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How to Make the Best Slime Without Borax (Kid-Friendly Recipe)

By Kelsey

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Making homemade slime with your kids can be an incredibly fun way to spend an afternoon. Anything to get them away from YouTube or Netflix! It can even be a pretty enjoyable activity for adults to partake in as well. However, as fun as it can be, making homemade slime still isn’t without its risks.clear slime

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About This Slime Recipe

Learn the easy and safe way to make slime without borax. Since you’ll need to mix together an activator in order to give the slime its consistency, many people simply mix Borax with water. And while that’s indeed an effective way to make an activator, there are many children who have hurt themselves (and in some cases, quite seriously hurt themselves) by burning themselves with Borax when making slime. (1) While you can certainly minimize the risks by taking safety precautions such as wearing gloves and washing your hands thoroughly, there’s still going to be some element of risk when using Borax. So with that in mind, today I wanted to share a great kid-friendly recipe that will show you how to make the best slime without Borax. To make this slime, you’ll first need to add ½ cup of either clear or white school glue into a small bowl along with ½ cup of shaving foam. Mix them until they’re well combined, and then add in one teaspoon each of cornstarch and baking soda. From here, you can then grab your preferred choice of food coloring (my kids seem to always want to make green slime) and mix it in with the other ingredients. Once everything has been combined, you’re going to want to slowly mix in one tablespoon of contact lens solution -- although you may need more, or even less, as needed. As you mix in the contact lens solution, you’ll notice that the mixture will begin to take on a slime-like consistency and get gradually harder to mix. You can then take the slime out and begin to knead and stretch it. Once the slime no longer sticks to your hands, it’s good to go. You can either play with it immediately or store it in an airtight container for future use. On a final note, if you’re wondering what sort of fun things your kids can do to get the most out of making homemade slime, we’ve got you covered. Here’s a brief list of fun things you can do with your slime: 1) Help your child learn and grow by making a few different colored slimes. You can then sort them by colors, shapes, sizes, etc. 2) You can also use letter and number magnets to make imprints in the slime -- talk about a fun way to practice the ABCs and counting! 3) Similarly, you could use cookie cutters to make your slime into all sorts of fun shapes like stars, hearts, and diamonds. Admittedly, most of these activities are geared towards much younger children. That’s because making slime from scratch and then playing with it can both be incredibly educational experiences for your little ones -- and they’ll definitely appreciate getting to spend some time doing something cool with you as well! P.S. - If you don’t mind using a bit of Borax to make your slime, be sure to check out our recipe for making fluffy rainbow slime and clear slime (these are both a ton of fun!)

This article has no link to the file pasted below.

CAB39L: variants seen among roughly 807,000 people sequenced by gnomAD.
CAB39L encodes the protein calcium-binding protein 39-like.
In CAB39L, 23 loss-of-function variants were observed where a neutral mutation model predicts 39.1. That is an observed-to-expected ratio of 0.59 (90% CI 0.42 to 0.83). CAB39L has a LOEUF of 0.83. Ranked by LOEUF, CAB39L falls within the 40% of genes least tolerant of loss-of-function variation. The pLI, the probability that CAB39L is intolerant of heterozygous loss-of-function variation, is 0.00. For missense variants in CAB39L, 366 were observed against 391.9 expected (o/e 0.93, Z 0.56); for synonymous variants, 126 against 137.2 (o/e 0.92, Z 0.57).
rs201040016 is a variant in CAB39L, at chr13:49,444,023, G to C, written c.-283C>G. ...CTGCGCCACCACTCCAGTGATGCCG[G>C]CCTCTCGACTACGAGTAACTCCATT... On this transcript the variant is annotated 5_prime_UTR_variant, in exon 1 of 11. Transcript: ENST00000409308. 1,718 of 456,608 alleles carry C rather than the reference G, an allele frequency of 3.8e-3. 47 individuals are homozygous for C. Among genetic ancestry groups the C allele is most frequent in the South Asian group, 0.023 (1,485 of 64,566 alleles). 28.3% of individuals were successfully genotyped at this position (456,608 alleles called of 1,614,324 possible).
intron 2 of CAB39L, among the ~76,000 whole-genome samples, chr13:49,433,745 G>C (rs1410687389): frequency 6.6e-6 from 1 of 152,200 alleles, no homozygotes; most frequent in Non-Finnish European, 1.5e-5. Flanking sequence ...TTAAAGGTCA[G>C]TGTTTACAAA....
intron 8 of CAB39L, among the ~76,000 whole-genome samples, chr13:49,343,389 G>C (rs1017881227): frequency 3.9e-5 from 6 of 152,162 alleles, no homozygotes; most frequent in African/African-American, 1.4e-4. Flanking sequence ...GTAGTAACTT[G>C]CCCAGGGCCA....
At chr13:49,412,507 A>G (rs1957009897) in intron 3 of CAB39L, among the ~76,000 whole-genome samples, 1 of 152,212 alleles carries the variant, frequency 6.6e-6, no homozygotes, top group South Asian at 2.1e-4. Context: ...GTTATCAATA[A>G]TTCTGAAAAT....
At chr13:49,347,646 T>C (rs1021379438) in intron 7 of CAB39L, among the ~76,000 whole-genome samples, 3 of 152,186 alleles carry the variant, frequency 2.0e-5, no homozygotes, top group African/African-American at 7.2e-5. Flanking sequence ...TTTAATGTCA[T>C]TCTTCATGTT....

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Slime Ingredients

borax free slime ingredients ½ cup school glue (clear or white) ½ cup shaving foam 1 tsp cornstarch 1 tsp baking soda your choice of food coloring 1 tbsp contact lens solution (more or less as needed)
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How to Make Slime Without Borax

mixing slime ingredients 1. In a bowl place the glue and shaving foam. 2. Mix to combine. 3. Add the baking soda and cornstarch and stir until smooth. 4. Add your choice of food coloring and mix to combine. 5. Slowly add the contact lens solution, stirring slowly as you pour it, until the slime forms and it begins to get harder to mix. 6. Take the slime out and begin kneading and stretching it. 7. If you find it still too sticky, use gloves or add some baby oil or lotion to your hands. (see note*) 8. Knead and stretch until the slime stops sticking to your hands. 9. Once mixed, you can play with the slime immediately or store in an airtight container or jar for future play. Note: *If necessary, keep adding the contact lens solution until desired consistency.

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